73-87 Chevy _ GMC Trucks => 73-87 Chevy & GMC Trucks => Topic started by: thrival on May 17, 2009, 07:52:55 PM

Title: remote solenoid installation
Post by: thrival on May 17, 2009, 07:52:55 PM
Hi, I'm doing a project that has nothing to do with the intended use of a remote (Ford)
solenoid, I'm using it as a relay, but not from battery to alternator. I need the solenoid to
engage when the ignition switch is ON. The ignition wire that starts at the fuse-box is PINK
and connects via a clip to the ignition coil in the cap. It's always hot when the key is ON,
best I can tell, in as much as if I disconnect it, the car doesn't start.

OK, I ran a wire from that clip to the solenoid coil terminal (That would put the solenoid coil
in parallel with the ignition coil.) I sanded an area on the inside fender-well to remove the
paint and expose bare metal. I painted the bare metal with conductive graphite paint and
mounted the solenoid on top. The relay connection I've not connected yet, I just want to
know the relay works first, but when I turn the key, nada, nothing. I expect to hear a click
as the solenoid engages, but ...no click.

This is an 85 amp continuous current solenoid. I'm curious what i might have done wrong. All
the connections on the jumper wire are fresh, good & clean. The jumper wire  to the solenoid
coil is about 28 guage, insulated. I'm not sure how much current it takes to activate the solenoid
coil but i figured the ignition wire would have enough to power it, and the ignition coil. Again, any
comments what i might have done wrong, would be appreciated.
Title: Re: remote solenoid installation
Post by: VileZambonie on May 17, 2009, 07:58:55 PM
I'm really confused why you are using a solenoid over a relay? Are you planning on running something that's going to pull over 100 amps? What are you using it for?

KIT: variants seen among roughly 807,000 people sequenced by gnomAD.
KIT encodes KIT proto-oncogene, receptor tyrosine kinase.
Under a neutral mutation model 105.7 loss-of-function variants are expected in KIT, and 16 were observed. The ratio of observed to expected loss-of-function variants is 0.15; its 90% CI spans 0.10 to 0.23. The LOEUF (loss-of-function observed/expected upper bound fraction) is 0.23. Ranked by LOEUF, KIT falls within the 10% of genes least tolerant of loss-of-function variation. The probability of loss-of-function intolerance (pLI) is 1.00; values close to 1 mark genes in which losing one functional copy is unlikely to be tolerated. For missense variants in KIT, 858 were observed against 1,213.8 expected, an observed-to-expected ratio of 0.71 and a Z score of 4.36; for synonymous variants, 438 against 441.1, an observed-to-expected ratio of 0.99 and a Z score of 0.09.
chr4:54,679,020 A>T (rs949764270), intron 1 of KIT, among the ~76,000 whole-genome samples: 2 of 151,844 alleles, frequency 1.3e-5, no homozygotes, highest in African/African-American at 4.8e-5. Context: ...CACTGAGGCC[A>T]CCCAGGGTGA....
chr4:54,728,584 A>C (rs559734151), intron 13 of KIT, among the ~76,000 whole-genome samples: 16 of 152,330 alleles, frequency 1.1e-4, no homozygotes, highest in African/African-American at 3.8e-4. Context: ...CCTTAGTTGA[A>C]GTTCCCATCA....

Title: Re: remote solenoid installation
Post by: Russ130 on May 17, 2009, 08:01:33 PM
28 is very thin and probably won't carry enough current to energize the solenoid.
Title: Re: remote solenoid installation
Post by: Irish_Alley on May 18, 2009, 12:14:22 AM
like russ said 28 is small haven't even see it lol i would use 14 at the least but there should be two small post for that a "key" wire will connect to and only one will activate the solenoid the other well i don't know what it does, iv never used it b4. test your with a hot wire to the battery use 14 ga. and see what it does.
Title: Re: remote solenoid installation
Post by: VileZambonie on May 18, 2009, 06:22:43 AM
The other terminal is just like the R terminal on a GM starter solenoid. It's energized when the solenoid is energized.
Title: Re: remote solenoid installation
Post by: choptop on May 18, 2009, 06:45:39 AM
It depends on which solenoid realy you have. Is it an actual Ford relay or is it a aftermarket? Cole-Hersee make solenoids that are similar in appearance only. If it is not a Ford relay, then the second small post on the solenoid is the ground. Need to know that before I can know for sure. Since you stated it was a continuos rated relay, then I believe its the two wire coil. One for the pos input, and the other is ground.
  16 awg wire is big enough and the solenoid only takes a few amps to operate, and should work off of the ignition switch. 28 awg wire wont handle the surge of the pullin current. If you are going to be running sensitive electronics like stereos, electronic ignitions, etc, then you need a flyback diode across the coil to prevent the spikes from frying your other electronics.

  You said you are wanting to use it as an ignition. What are you turning on with it? This solenoid is kinda overkill for our trucks on just ignition.